By Dr. Jason Fung 
Many diets are based on bad science. The real drivers of obesity are refined sugar and carbohydrates. And that’s because of their effect on the hormone that regulates many of our bodily processes: insulin.
Clearing up common misconceptions about obesity
- Obesity isn’t always caused by bad eating habits. In fact, genetic factors account for about 70% of a person’s likelihood to develop obesity.
- There is no causal relationship between calorie intake and obesity. There is correlation, but not causation.
- The calories we consume are not automatically converted to fat. Calories are used for all sorts of things like producing heat, proteins, bone and muscle tissue, fueling your brain and increasing the volume and rate of your heartbeat. Fat production is just one of many different things your body does with the calories you consume. [Ed. note: I guess this explains why I get cold so easily when on a reduced calorie diet].
- Obesity isn’t a problem caused by eating too much. Some people’s bodies convert calories into fat while others will simply develop bigger bones and muscles or use that energy to boost their concentration. Of all the things that calories are used for, only one is socially problematic.
- The reason that just reducing calories doesn’t lead to weight loss is because it lowers your metabolic rate. For instance, if you reduce your calorie intake by 30%, your body will adjust and expend 30% less energy.
- Science has determined that high insulin levels are the real cause of obesity, though the exact way this works isn’t clear. 75% of all successful weight-loss efforts can be directly attributed to reduced insulin levels. Drugs which raise people’s insulin levels result in weight gains while drugs which have the opposite effect cause weight loss.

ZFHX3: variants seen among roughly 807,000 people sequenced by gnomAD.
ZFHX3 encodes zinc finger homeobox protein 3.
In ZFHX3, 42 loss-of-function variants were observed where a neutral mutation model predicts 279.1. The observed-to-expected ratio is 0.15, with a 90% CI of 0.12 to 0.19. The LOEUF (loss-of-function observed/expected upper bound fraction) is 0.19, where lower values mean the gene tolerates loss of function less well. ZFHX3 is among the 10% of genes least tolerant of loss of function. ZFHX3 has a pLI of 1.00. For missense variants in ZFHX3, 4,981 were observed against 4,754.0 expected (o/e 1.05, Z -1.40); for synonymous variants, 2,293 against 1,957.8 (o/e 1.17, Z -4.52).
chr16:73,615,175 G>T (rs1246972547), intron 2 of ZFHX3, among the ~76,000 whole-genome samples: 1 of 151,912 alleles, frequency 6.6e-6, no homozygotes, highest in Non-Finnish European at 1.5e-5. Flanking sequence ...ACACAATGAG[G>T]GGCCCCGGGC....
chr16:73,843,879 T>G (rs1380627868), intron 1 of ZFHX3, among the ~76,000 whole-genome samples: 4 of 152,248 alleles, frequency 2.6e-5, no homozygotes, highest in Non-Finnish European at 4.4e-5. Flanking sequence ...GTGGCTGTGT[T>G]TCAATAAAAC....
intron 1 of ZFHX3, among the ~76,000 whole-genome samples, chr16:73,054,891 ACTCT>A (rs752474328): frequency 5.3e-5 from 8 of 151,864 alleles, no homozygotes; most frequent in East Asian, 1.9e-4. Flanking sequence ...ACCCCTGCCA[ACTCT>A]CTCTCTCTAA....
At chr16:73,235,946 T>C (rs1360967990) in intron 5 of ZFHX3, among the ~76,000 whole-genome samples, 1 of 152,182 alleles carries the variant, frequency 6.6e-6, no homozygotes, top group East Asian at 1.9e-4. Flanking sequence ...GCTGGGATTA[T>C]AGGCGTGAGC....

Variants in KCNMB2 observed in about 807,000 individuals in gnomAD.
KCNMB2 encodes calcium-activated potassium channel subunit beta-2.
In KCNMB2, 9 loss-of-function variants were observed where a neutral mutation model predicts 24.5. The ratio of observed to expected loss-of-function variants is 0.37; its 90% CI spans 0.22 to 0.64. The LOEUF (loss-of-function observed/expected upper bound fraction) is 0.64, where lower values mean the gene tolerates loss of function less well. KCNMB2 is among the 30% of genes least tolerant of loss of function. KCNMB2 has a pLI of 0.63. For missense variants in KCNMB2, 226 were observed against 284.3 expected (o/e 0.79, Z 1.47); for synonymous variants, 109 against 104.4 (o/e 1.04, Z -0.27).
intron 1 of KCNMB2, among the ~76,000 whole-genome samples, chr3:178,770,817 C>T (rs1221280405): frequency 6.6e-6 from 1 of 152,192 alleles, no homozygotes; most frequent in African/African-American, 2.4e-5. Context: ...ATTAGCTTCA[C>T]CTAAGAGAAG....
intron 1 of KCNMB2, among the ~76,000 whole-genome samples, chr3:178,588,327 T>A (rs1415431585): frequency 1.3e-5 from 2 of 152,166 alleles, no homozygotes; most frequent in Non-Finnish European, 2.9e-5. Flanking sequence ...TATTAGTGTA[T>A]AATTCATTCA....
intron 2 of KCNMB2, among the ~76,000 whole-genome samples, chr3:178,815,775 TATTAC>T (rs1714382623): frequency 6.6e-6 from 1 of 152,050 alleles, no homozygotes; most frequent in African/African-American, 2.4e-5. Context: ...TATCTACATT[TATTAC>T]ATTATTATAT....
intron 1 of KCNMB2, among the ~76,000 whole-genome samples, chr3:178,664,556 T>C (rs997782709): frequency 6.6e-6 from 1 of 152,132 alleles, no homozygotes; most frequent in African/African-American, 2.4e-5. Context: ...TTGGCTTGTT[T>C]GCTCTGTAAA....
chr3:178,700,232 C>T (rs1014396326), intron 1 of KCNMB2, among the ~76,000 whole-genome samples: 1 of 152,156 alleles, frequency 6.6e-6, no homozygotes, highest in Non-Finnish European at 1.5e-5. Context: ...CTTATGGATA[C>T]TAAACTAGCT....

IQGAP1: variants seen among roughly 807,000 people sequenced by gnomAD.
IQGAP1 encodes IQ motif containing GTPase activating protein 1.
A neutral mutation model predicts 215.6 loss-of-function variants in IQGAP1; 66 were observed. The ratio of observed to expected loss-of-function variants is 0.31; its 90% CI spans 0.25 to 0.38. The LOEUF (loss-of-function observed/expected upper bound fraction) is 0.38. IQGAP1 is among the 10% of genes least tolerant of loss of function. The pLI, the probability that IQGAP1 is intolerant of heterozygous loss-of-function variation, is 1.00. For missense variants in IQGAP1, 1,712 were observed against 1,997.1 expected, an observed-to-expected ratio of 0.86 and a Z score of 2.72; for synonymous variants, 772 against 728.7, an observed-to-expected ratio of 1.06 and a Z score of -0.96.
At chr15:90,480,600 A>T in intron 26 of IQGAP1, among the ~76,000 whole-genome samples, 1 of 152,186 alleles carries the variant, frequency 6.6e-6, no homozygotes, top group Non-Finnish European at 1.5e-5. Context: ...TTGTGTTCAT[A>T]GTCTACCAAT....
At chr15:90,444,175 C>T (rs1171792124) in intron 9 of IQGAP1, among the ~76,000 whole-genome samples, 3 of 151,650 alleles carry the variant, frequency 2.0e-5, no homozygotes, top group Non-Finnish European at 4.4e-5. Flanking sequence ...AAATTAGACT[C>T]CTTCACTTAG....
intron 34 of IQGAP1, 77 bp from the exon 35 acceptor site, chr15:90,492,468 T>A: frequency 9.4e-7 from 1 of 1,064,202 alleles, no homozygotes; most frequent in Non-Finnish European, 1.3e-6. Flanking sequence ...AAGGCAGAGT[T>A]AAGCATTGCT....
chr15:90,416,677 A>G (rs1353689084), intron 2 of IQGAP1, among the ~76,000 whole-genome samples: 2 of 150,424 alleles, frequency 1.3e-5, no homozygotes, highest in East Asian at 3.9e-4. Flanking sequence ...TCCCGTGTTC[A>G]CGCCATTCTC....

- Insulin removes sugar from your bloodstream and deposits it in your body’s cells. When you eat sugars and carbohydrates, your body produces extra insulin to deal with them. If this goes on too long, your body’s cells become insulin-resistant and stop taking sugar from your blood. But the cells still need sugar, so they constantly cry out for more food, resulting in weight gain.
- Snacking between meals prevents weight loss because it keeps insulin levels high. Your body needs 4-5 hours of fasting between meals for your body’s insulin to return to a low level.
- Obesity and poverty are correlated because the cheapest foods the food industry produces tend to be high in white sugar and refined carbohydrates (e.g. corn and wheat), which are leading causes of insulin-resistance. One of the reasons these foods are so cheap is because the US government heavily subsides corn and wheat farmers.
- Eating too much fat does not cause weight gain. Most dietary fats are not unhealthy at all. The exception is modified trans fats which are bad for you. Most vegetable oils are fine, but vegetable oil products, such as margarine, are artificially saturated (with hydrogen) to extend their shelf life. These are called modified trans fats or hydrogenated vegetable oils. They increase bad cholesterol and decrease good cholesterol.
Another food-related misconception is that coffee is bad for you. In truth there’s more good than bad about coffee. It’s rich in antioxidants which help slow the aging process in cells, and also magnesium, which is good for your bones and heart. Studies also suggest that coffee reduces the risk of type 2 diabetes, Alzheimer’s and Parkinson’s disease.